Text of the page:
There are no active plans at the moment to revive the ambition to make a permanent link between the Wye Dale car park (Topley Pike)  and Buxton. It is not a priority for Derbyshire County Council to backfill the position vacated by Claire O'Reilley and hence there is nobody to actively take forward plans to get a route finalised through Woo Dale and the funding to have it built.

Alternative temporary routes are far from ideal. The route up Woo Dale would be absolutely spectacular if travelled in either direction. We should not lose sight of how the creation of a permanent link would so significantly enhance the benefits of the White Peak Loop, and NCR 680 in particular. However, for now at least  we can only hope that something will change to make it become a reality.

Sunday, 23 December 2018

Certificates of Appreciation

At our Christmas social event our regional volunteers' manager, Tom, presented members of the group with two Certificates of Appreciation.

The first was to Clyde for his tireless effort and commitment over many years.


The second was to the entire White Peak Ranger group for the energy with which we have brought to track maintenance and signage in the last 12 months

Well done to All!

Sunday, 11 November 2018

Back the Track - the McClean Way

Here is a very worthwhile project which is progressing in the West Midlands, the details of which have been sent to me by Bob Cooper who, many of you will remember, has worked with us on some of our workdays. It is a greenway which, when complete, will replace a stretch of National Route 5 which currently goes mostly over minor roads. It uses the track bed of an old railway line between Brownhills and Pelsall Common. A lot of work needs to be done to clear and drain the site, and this is already well advanced. The remarkable thing is that all the work which has been carried out so far has been achieved by volunteers, and materials and equipment have been bought from funding which has been won from successful bids made by the group. On one occasion, a JCB was used to do some clearing and earth moving; even this was paid for at a discounted price and the driver was a friend of one of the volunteers!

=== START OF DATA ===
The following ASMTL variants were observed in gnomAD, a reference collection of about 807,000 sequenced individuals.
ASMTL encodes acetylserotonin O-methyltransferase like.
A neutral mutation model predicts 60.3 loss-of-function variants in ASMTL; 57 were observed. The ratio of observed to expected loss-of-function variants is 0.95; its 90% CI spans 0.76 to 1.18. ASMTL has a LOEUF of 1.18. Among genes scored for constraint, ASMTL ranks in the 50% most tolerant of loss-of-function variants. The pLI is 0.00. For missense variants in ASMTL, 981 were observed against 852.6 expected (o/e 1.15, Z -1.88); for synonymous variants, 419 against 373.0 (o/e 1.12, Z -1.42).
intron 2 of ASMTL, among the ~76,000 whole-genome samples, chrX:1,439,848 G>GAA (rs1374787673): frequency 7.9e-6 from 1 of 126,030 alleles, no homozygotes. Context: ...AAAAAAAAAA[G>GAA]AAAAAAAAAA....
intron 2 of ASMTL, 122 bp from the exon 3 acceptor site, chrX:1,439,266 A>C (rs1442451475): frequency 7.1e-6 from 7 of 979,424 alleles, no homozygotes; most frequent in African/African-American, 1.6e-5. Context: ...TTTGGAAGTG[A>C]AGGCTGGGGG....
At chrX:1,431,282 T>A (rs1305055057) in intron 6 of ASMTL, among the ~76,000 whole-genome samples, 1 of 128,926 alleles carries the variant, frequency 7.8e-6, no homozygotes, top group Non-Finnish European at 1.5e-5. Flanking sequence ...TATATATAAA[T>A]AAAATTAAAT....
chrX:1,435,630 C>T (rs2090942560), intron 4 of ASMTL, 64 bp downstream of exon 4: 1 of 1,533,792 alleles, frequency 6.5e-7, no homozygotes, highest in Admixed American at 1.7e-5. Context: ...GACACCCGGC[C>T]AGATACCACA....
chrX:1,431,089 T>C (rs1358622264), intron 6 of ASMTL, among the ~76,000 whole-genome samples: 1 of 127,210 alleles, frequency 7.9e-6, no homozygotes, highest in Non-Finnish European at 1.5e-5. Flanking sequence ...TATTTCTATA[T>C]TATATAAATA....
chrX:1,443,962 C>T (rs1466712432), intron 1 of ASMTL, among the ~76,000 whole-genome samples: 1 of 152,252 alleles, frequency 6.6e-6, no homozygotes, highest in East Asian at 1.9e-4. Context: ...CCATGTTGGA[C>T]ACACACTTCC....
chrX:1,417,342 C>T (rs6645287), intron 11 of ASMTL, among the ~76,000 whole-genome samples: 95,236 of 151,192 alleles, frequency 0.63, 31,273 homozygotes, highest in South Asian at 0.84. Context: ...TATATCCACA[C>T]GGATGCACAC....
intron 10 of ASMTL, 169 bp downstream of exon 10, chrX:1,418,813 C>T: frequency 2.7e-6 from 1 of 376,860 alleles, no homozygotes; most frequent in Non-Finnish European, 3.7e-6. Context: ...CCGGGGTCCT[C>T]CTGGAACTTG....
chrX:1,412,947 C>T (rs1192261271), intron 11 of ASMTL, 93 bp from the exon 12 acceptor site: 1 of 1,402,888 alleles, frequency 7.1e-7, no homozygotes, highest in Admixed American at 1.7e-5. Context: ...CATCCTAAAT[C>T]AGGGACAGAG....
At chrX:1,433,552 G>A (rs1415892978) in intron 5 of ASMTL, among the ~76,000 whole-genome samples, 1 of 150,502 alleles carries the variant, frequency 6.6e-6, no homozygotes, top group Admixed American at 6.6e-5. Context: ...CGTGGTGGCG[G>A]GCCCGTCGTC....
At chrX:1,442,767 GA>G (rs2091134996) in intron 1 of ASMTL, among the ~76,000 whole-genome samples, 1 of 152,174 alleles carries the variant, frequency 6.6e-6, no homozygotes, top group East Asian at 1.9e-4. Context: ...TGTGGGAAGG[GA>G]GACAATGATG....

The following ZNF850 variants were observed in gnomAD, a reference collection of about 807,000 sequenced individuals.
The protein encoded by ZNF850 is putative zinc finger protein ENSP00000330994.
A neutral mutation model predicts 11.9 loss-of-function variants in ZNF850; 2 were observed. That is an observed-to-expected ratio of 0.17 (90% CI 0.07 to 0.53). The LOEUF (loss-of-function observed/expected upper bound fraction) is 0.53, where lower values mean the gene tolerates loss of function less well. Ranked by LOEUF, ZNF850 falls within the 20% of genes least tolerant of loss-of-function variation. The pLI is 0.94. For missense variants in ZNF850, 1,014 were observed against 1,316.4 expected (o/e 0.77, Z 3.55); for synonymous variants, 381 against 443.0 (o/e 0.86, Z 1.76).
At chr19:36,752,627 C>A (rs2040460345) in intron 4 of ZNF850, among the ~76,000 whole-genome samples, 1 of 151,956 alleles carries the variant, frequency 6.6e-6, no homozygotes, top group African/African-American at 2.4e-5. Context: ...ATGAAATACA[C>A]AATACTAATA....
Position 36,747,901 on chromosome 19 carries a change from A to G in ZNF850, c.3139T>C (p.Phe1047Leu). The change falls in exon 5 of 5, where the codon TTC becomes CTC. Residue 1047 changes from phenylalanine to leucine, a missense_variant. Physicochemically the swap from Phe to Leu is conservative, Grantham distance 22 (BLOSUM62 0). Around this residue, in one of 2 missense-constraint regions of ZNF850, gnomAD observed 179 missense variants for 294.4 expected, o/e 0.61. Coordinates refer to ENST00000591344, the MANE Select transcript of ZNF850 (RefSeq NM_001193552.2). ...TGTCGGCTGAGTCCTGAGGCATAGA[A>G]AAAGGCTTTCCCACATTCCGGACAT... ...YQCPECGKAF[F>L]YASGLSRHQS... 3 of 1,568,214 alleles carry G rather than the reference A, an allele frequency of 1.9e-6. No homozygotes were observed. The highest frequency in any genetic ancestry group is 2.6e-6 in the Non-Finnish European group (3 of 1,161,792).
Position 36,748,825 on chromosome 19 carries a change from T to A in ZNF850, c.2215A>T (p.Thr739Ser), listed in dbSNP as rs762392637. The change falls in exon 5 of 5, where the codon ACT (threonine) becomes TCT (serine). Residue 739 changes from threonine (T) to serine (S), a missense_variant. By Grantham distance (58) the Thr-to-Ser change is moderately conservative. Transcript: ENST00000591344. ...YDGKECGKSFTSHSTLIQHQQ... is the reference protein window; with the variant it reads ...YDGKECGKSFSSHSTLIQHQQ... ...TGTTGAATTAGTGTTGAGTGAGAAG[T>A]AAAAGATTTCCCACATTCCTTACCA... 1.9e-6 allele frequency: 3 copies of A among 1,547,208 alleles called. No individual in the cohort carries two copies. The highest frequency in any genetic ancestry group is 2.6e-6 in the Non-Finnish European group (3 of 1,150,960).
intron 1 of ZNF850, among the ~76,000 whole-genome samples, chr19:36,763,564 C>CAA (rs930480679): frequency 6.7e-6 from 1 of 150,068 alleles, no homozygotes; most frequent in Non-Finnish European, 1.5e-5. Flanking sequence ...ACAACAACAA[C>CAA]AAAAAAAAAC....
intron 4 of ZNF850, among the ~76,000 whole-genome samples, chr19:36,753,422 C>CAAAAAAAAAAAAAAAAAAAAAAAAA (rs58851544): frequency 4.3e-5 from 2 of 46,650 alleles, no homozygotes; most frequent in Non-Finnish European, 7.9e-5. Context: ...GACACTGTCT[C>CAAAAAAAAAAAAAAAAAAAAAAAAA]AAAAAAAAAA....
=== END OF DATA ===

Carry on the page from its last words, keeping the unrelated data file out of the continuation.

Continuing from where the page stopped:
When complete, this path will join with another greenway at Pelsall, a continuation of the same railway track bed, giving a traffic-free trail all the way from Brownhills to Walsall. I have ridden this path as part of the West Midlands Cycle Route from Derby to Birmingham and Oxford (NCR54/5) several times in the past, and can recommend it as a route which includes many types of surface and which passes through a range of landscapes. You will find a link to the Back the Track website in our list to the right of this post and there is a mass of detail about the project. Please could you also give a 'Like' to the project on its Facebook page: . Thanks!

Tuesday, 6 November 2018

Workday on Route 680 with Groundwork

Maldwyn and I met with Marion Farrell of the environmental charity, Groundwork, at Harrison Way, Darley Dale on Monday. After giving us a few safety tips concerning saws, loppers and rakes, which she supplied, Marion showed us an area where recent tree shoots, nettles and brambles have already encroached onto the Matlock to Rowsley multi-user path which, readers will recall, is still less than 3 years old. Together, we cleared a 100-metre swathe of trail alongside Peak Rail's Rowsley South station car park. 

Marion also did some litter-picking. We look forward to returning to this section of path in the not too distant future, to clear some more vegetation, improve visibility and make the cycleway look tidier. In the meantime, it would be great if we can interest users of the trail in forming a local group which can continue this work. Look how the three silver birch trees stand out in the picture (right), after trimming back a number of small branches.

If you know of anyone who would like to take part in this sort of venture along this path (or any other trail in our area), please let me know and I will pass the information on to Marion. To remind you, my mobile is 07855 804451.